Blog > Mayan Families Staff Spotlight Family Aid > Traje—Tradition Meets Trade

Tuesday, January 26, 2016
Traje—Tradition Meets Trade
Lauren Erlandson

Herlinda can’t remember a time when her family wasn’t wearing traje.

The traditional clothing is a cornerstone of the Mayan culture with its brightly colored hues and intricately woven thread. However, traje is much more than its aesthetic appeal—the clothes tell a story of expression, identity and preservation.

Herlinda; Photo credit: Erin Crandell 

“It’s representative of the  way of life—of ancestry,” says Herlinda, who works for the Mayan Families Artisan Program.

Herlinda’s family is indigenous, and choose to wear traje even in the face of economic hardship and the rising popularity of blue jeans and cotton t-shirts. To them, traje is a tradition and a vital piece of their history. 

According to Heirlinda, traje is only complete when worn in its entirety. For some women this means a hair ribbon (cinta), blouse (guipil ), sash (faja), shawl (rebozo) and skirt (corte). For men, traje consists of a hat (sombrero), carrying cloth (tzute), overshirt (capixay), shirt (camisa), belt (cinturon), bag (bolsa), pants (pantalon) and sandals (sandalitas).

Weaving a story

Traje is unique for its storytelling function. The garments serve as an important expression of both identity and geography.

According to Herlinda, embroidery and patterns are significant in Guatemalan traje, and different communities can be identified in the smallest of details. For example, in Chichicastenango, the sun and the four cardinal points of north, south, east and west adorn guipiles. In San Antonio Palopó, blue guipiles with vertical stripes are paired with darker striped cortes. In Sololá, brocade sleeves are customary.

San Antonio; Photo credit: Brendan James

Color, too, conveys a message. Red is symbolic of blood, black of the darkness of night, and white of purity. Heirlinda says that though these meanings are known today, years before they carried greater significance.

Creating a lifeline

Making traje is a very complex process, and is therefore labor intensive. If made by hand, a single piece can take months to complete. This process starts by spinning cotton into thread and then dying it using native plants, flowers, and berries. The thread is then woven together using either a traditional backstrap loom or a more modern footloom. Each piece is sewn together and then embroidered.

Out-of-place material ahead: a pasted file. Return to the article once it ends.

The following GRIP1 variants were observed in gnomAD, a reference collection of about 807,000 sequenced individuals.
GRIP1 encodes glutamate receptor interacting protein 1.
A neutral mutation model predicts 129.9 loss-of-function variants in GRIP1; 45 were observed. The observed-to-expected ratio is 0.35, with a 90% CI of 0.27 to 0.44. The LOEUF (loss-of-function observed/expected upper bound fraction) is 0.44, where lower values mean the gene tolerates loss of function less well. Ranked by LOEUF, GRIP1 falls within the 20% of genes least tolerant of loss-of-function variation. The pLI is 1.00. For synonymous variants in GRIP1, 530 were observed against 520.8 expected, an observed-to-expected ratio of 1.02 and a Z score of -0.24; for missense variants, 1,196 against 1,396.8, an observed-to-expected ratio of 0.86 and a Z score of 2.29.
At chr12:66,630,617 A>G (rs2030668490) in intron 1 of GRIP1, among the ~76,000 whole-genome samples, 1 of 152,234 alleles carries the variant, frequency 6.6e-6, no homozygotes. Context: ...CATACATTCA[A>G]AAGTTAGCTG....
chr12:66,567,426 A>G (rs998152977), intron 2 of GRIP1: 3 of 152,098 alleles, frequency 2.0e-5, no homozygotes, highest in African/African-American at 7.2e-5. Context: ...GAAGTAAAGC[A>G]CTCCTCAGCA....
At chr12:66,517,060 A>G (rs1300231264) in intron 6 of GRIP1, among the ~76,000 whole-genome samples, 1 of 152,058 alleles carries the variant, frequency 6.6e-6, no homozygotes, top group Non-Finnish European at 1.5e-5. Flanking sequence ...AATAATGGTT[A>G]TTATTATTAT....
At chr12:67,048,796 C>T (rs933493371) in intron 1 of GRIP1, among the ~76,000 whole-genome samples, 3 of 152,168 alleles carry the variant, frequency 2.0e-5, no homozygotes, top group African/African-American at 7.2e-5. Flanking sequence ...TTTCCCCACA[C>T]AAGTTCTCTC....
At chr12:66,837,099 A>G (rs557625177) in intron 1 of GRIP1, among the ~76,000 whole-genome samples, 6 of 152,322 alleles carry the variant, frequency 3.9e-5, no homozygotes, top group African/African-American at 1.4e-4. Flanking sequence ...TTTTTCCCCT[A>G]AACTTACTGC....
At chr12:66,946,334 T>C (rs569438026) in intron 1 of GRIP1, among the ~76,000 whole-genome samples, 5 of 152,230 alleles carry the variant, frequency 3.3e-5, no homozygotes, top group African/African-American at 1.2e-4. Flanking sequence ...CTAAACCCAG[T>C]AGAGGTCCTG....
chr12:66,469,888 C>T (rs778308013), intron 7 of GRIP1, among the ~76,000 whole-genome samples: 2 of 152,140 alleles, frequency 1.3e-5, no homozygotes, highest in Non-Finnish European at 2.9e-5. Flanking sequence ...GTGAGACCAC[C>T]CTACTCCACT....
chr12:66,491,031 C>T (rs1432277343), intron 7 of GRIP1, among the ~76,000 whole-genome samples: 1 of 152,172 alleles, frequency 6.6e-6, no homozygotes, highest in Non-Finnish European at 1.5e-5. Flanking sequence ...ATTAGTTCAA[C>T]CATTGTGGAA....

Woman weaving on a backstrap loom; Photo credit: Matt Dayka

Weaving is an artisan tradition in Guatemala; one that women have been doing for centuries. In 2005, it was estimated that there were between 700,000 and 900,000 weavers in the country— most of them indigenous women. The trade provides stable work in a place where poverty is abundant and job opportunities for women are scarce.

According to The World Factbook, 54% of the Guatemalan population lives below the poverty line, and the majority are indigenous. By purchasing and wearing traje, a person does more than promote their culture—they contribute to the local economy and the advancement of local artisans.

Preserving tradition

Although a source of economic stability for some, traje’s labor intensive nature makes it more expensive than the Western clothing sold in pacas (western clothing stores). In its entirety, adult traje can cost nearly $250. This, according to Heirlinda—as well as traje’s impractically thick nature in Guatemala’s warm climate—makes it less desirable to younger Guatemalans.

Peña Blanca; Photo credit: Erin Crandell 

“The culture of traje is easily lost—it’s more expensive, but also lasts longer,” Heirlinda says.

Traje is more than just an article of clothing. It is a key component of culture, a means to put food on the table, and an expression of self.

Mayan Families’ Family Aid program aims to support the indigenous families of Guatemala in the face of all obstacles—including providing clothing to those in need. To give the gift of traje, donate to the General Family Aid Fund.

Receiving traje would be “incredibly special,” said Heirlinda. “An incredible gift.”


This blog was written by Mikayla Raley, Mayan Families Communications Department Volunteer. 

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